Construction Workforce graduates success stories
(5/10/2006) Thanks to the Construction Workforce Initiative 2, Brenda Whitfield, a Housing Authority resident raising five children on her own, is on her way to becoming an electrician. Brenda is one of 32 city residents who will graduate Thursday from the City of New Haven’s Construction Workforce Initiative. The graduation takes place Thursday, May 11, 2006, 3 p.m. at the Hall of Records, 200 Orange St., Ground Floor.
Mayor John DeStefano, Jr. created the Construction Workforce Initiative as a way to insure that substantial numbers of the high-wage construction jobs created by the citywide school construction program would be held by minorities, women and New Haven residents. Residents are trained in carpentry, painting, electrical work, plumbing and other construction trade skills. Nichole Jefferson, executive director of the Commission on Equal Opportunity, said a total of 32 are graduating, out of a pool of 178 applicants.
“The mission of the Construction Workforce Initiative is to identify and nurture cadres of New Haven residents who can take part in the city’s booming construction industry,” the Mayor said. “We are now in the second phase of this program and it is focused on the school construction program, which we estimate generates $73.5 million in wages. Our goal is to insure that our own residents, including women and minorities, can reap the benefits of the school construction program and participate in the economic development of our City.”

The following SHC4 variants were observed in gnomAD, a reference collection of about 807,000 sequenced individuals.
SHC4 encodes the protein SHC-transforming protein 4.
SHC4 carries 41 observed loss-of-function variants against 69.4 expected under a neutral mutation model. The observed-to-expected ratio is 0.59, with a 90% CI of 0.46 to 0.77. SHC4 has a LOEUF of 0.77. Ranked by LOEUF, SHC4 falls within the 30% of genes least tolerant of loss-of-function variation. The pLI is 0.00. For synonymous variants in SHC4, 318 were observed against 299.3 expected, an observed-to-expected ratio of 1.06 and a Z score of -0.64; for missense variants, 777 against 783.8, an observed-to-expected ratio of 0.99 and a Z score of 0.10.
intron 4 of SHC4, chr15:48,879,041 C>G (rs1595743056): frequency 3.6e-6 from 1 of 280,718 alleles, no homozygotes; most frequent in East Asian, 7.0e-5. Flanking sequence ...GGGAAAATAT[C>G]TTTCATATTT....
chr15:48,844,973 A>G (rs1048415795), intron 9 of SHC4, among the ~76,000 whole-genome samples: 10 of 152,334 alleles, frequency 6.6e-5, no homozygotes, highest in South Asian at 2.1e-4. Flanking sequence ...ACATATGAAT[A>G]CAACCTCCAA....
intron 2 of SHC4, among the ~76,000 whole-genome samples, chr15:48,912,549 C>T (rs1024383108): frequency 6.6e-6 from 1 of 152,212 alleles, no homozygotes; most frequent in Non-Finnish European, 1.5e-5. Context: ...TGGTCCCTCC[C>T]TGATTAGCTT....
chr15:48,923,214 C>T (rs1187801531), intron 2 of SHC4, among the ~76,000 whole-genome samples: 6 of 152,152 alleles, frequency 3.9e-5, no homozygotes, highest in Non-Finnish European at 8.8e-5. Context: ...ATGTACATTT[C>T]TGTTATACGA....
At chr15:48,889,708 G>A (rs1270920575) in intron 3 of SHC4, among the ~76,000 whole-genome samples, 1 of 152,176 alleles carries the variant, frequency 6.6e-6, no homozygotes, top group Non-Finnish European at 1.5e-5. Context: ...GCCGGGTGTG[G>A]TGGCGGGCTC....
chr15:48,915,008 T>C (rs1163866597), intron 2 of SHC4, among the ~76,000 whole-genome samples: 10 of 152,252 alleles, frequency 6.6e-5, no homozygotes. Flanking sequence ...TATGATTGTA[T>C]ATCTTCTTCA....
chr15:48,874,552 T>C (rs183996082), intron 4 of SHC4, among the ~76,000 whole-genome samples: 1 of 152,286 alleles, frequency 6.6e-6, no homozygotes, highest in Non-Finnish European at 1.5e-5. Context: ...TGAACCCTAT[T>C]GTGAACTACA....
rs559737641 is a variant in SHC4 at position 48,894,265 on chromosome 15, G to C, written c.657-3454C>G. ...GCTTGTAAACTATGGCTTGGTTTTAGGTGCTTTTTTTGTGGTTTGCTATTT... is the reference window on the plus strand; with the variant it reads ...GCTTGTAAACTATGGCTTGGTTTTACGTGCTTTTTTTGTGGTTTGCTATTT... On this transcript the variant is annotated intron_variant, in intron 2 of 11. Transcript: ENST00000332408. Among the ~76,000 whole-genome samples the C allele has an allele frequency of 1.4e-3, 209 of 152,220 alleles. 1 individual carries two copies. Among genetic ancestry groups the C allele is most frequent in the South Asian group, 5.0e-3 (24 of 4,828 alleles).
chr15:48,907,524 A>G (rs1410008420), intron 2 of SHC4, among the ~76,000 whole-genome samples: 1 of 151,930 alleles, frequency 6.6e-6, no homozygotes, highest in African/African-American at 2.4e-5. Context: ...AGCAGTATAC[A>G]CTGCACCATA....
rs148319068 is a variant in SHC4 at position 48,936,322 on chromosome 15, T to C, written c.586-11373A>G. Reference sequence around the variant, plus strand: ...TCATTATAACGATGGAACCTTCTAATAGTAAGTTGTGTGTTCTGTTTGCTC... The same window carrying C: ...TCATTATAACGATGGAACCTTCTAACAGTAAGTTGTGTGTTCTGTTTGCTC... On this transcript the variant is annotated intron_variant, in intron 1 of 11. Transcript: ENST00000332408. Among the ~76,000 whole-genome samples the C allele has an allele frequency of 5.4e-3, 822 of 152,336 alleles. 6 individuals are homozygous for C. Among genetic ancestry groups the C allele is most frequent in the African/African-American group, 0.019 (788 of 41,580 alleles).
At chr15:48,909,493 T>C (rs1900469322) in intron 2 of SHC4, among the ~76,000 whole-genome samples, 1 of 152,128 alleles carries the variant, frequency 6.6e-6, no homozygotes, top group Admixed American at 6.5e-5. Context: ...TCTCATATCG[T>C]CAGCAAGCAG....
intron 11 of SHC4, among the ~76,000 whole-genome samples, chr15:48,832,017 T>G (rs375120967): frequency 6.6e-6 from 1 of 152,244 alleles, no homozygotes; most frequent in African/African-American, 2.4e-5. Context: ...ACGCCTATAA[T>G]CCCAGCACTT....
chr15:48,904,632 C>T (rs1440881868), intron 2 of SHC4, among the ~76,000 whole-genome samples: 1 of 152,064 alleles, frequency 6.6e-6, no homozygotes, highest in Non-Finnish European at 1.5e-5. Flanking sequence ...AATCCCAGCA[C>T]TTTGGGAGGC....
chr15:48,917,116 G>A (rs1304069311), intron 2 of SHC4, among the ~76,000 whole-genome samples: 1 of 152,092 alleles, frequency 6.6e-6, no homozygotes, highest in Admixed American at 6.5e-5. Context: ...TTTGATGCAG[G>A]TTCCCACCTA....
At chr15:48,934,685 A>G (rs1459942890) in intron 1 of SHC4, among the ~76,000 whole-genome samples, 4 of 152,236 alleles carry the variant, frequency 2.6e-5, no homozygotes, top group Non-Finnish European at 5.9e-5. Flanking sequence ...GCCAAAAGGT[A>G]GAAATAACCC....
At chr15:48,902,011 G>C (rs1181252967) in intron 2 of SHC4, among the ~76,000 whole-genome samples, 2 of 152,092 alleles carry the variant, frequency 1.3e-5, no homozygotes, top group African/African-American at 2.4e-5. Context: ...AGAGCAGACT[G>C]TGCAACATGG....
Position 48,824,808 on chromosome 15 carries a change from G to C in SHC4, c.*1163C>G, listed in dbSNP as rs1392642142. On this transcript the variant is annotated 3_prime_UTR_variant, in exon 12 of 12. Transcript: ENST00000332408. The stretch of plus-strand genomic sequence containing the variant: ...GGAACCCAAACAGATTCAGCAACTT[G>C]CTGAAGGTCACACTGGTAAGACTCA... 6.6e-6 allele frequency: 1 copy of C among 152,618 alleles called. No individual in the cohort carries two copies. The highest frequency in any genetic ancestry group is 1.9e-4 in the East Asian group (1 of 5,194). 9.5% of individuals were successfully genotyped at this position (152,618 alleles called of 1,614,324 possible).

Althea Marshall-Richardson, Pres/CEO of Empower New Haven said Empower New Haven is pleased that 24 of the graduates are empowerment zone residents. “We have been very pleased to partner with the city in financially supporting the Construction Workforce Initiative because this initiative brings tangible value to our investments and promotes community building in so many ways,” she said.
The program, run by the City’s Commission on Equal Opportunities, builds on relationships with the region’s construction industry, the Greater New Haven Building Trades and the New Haven Public Schools. Upon entering the program, Whitfield first worked in a temporary assignment for Anderson Turf, making $35 an hour renovating the city’s Pop Warner ball fields. She did so well, Local 90 of the International Brotherhood of Electrical Workers has taken her on as an electrical apprentice working for Ed-Mor Electric. Ed-Mor will employ her on an upcoming school construction project.